Faculty of Science

The Language of Science

October 20, 2011

There's a fascinating dialogue about the language of science taking place in the science blogs this week.

Physics Today just published an article called “Communicating the Science of Climate Change” (free to download from that link) by Richard C. J. Somerville and Susan Joy Hassol.

As you can see in the chart (above) published in the article, the words used by scientists can be interpreted very differently by the general public and the media.

By failing to anticipate common misunderstandings, scientists can inadvertently reinforce them. A good example is the confusion of ozone depletion with climate change. Scientists should avoid talking about aerosols and climate in a way that reinforces this confusion. For most people, an aerosol is a spray can, which they associate with ozone depletion — even though ozone-depleting chemicals were long ago phased out of spray cans. Like "aerosol," many terms mean completely different things to scientists and the public.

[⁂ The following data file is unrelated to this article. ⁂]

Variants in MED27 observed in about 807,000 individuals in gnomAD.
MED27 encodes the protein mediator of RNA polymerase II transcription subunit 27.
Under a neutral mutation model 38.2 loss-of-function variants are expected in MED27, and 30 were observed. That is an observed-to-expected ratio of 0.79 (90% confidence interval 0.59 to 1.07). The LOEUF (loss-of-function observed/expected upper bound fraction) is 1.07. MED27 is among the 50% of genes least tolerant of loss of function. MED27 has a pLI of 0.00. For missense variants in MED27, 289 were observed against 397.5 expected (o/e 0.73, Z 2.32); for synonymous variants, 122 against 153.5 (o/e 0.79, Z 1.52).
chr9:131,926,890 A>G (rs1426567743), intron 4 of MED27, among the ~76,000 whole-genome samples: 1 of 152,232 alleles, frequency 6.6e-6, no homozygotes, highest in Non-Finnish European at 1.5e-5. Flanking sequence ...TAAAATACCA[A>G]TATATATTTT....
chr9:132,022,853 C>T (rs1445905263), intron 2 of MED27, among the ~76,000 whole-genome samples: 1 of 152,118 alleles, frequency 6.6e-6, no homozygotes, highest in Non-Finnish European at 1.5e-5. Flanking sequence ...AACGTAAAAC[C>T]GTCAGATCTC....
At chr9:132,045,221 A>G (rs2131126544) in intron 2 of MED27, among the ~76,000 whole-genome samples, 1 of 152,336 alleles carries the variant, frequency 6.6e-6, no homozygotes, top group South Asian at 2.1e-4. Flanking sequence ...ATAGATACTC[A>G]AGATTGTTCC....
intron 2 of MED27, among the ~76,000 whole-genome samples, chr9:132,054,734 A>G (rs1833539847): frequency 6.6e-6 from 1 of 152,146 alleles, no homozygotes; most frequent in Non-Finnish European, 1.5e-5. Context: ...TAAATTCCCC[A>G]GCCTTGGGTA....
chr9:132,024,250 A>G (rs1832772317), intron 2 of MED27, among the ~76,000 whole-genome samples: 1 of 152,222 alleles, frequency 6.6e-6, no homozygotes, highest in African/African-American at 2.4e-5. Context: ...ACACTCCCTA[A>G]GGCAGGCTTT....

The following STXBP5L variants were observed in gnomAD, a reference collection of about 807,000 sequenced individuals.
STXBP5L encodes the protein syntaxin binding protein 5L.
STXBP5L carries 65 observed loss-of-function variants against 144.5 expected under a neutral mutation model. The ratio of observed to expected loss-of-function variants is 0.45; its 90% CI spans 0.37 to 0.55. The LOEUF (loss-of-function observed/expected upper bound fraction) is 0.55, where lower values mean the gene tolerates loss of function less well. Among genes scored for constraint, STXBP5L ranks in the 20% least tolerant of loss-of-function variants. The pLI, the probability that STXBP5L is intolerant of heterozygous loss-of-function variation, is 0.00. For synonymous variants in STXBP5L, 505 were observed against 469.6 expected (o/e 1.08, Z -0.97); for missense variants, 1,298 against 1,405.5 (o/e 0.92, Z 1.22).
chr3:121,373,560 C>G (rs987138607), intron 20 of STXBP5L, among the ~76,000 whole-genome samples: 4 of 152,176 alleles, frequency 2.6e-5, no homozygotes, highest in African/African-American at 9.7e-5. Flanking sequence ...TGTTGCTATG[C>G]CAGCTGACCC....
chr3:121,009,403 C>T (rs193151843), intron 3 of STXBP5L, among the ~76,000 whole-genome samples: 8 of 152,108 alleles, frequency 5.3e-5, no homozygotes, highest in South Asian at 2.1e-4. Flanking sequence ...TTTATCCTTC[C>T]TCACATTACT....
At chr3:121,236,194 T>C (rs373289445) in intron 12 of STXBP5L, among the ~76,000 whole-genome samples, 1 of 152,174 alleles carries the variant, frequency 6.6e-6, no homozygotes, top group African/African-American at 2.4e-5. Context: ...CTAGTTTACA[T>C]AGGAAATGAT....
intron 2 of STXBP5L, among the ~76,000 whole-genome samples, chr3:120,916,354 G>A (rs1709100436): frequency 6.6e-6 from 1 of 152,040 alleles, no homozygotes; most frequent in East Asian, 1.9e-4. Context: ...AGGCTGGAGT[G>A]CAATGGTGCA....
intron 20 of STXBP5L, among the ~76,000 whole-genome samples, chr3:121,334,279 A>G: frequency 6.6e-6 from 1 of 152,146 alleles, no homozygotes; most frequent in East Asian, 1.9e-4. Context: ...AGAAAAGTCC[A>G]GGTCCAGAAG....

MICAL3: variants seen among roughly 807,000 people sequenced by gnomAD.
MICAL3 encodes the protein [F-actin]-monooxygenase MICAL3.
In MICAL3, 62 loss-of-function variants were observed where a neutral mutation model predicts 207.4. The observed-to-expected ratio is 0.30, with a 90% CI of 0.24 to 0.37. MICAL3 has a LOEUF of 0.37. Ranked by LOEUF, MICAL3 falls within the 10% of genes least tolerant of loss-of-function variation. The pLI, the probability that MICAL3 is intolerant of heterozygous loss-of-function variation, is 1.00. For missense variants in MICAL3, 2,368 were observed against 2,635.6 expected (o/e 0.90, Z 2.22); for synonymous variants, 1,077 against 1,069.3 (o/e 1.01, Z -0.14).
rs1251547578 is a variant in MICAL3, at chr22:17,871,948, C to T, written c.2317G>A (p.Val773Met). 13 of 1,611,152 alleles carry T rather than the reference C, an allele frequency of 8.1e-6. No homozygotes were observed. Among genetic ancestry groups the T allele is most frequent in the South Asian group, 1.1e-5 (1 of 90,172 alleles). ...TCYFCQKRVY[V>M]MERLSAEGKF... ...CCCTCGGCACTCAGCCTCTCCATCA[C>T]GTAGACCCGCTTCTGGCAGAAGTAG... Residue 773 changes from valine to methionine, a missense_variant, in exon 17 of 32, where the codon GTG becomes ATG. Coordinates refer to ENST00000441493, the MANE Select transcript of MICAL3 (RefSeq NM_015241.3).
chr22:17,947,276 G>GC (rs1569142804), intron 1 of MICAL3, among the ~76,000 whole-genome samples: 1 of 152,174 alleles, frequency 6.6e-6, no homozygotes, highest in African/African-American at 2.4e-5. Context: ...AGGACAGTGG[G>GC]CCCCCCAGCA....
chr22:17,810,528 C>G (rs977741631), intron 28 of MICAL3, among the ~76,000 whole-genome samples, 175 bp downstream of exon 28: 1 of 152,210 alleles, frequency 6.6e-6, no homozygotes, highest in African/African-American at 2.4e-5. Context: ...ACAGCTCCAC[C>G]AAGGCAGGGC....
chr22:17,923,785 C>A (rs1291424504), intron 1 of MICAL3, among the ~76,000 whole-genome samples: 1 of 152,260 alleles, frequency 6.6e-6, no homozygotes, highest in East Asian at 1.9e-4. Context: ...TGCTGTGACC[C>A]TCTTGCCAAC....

Another blogger asked his class to add other problematic scientific terms, and then created an editable GoogleDoc where you can make your own additions to the list.

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